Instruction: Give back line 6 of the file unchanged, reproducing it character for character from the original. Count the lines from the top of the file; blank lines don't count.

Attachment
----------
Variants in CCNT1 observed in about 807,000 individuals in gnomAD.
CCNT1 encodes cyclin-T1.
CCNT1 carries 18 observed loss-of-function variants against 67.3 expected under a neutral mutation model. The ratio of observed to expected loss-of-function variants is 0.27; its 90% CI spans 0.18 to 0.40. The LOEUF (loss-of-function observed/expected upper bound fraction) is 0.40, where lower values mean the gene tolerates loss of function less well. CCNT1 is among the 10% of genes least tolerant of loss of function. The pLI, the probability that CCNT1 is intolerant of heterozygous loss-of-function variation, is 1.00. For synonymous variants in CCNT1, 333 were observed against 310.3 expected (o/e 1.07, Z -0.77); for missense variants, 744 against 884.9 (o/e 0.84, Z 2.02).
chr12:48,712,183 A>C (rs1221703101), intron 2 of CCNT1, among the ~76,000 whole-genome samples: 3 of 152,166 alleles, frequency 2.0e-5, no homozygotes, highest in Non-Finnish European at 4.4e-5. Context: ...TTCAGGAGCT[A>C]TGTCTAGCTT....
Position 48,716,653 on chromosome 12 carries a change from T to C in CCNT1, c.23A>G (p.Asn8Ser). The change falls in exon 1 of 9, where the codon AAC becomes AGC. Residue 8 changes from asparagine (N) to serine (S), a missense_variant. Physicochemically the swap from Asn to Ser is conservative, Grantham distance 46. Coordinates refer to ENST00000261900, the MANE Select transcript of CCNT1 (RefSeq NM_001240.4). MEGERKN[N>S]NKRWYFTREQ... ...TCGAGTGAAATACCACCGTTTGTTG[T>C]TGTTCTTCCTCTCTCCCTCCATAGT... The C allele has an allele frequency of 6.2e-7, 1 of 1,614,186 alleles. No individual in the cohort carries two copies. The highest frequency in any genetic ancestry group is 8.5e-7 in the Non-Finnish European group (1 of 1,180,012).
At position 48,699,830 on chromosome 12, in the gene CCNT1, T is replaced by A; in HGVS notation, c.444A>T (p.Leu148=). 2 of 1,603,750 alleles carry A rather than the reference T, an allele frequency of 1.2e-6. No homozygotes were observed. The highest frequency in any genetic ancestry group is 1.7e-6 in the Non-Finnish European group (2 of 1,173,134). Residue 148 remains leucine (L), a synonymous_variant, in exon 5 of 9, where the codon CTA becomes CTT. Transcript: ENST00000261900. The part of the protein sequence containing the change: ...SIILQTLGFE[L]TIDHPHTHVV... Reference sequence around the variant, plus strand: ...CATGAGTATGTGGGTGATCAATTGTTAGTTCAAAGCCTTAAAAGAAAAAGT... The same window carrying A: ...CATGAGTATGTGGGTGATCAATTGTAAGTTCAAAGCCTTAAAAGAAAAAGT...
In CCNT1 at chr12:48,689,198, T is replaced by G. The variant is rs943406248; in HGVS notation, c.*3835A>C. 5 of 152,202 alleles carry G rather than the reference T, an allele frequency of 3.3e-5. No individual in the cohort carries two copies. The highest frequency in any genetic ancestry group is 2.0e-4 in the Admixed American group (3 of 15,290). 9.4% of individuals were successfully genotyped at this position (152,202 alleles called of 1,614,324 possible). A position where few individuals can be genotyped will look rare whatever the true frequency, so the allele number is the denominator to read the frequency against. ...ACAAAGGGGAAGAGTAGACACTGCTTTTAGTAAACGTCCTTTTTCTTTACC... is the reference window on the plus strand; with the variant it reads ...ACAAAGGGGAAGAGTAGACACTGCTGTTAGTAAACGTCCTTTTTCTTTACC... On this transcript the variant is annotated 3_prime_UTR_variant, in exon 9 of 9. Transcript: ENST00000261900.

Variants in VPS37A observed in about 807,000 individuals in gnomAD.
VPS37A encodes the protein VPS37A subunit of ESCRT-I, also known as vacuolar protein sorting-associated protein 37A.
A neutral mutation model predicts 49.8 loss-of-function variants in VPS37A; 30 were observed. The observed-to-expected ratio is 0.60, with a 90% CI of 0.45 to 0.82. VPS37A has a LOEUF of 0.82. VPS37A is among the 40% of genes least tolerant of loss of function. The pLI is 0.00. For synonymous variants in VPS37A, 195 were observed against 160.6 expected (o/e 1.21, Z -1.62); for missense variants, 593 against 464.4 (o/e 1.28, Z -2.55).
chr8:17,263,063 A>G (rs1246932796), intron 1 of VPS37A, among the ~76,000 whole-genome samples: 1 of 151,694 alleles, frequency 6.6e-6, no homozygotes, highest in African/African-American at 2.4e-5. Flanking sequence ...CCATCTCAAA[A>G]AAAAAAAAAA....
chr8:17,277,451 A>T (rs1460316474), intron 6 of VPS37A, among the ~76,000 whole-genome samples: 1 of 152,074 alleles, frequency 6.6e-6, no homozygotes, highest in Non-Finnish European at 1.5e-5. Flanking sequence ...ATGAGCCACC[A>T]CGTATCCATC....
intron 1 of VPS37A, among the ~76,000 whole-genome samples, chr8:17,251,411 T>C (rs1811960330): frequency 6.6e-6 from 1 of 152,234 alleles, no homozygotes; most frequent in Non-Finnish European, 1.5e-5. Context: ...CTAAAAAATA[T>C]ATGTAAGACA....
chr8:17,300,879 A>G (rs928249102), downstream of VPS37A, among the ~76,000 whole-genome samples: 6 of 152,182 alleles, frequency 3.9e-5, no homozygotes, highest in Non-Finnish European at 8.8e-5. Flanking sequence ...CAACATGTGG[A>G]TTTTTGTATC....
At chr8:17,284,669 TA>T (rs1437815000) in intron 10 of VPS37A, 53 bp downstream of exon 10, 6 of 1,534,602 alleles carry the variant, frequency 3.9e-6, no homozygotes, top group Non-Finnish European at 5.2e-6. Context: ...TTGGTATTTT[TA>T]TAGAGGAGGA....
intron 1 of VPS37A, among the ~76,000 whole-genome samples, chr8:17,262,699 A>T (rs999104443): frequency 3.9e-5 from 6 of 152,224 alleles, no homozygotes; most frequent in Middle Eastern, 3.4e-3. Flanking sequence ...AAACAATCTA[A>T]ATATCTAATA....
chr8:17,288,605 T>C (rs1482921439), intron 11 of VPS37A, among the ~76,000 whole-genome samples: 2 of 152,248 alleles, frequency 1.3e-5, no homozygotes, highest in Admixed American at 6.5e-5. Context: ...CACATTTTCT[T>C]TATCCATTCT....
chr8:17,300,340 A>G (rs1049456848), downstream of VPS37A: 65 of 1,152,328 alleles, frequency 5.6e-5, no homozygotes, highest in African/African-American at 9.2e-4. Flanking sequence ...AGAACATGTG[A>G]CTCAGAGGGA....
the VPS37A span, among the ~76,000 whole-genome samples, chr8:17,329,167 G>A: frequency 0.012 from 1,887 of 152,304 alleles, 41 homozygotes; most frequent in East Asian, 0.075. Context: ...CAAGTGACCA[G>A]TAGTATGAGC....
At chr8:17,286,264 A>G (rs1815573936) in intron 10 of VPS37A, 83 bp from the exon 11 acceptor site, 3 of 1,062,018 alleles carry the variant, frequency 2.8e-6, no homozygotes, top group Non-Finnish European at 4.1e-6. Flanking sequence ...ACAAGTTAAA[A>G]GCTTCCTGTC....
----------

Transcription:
At position 48,699,830 on chromosome 12, in the gene CCNT1, T is replaced by A; in HGVS notation, c.444A>T (p.Leu148=). 2 of 1,603,750 alleles carry A rather than the reference T, an allele frequency of 1.2e-6. No homozygotes were observed. The highest frequency in any genetic ancestry group is 1.7e-6 in the Non-Finnish European group (2 of 1,173,134). Residue 148 remains leucine (L), a synonymous_variant, in exon 5 of 9, where the codon CTA becomes CTT. Transcript: ENST00000261900. The part of the protein sequence containing the change: ...SIILQTLGFE[L]TIDHPHTHVV... Reference sequence around the variant, plus strand: ...CATGAGTATGTGGGTGATCAATTGTTAGTTCAAAGCCTTAAAAGAAAAAGT... The same window carrying A: ...CATGAGTATGTGGGTGATCAATTGTAAGTTCAAAGCCTTAAAAGAAAAAGT...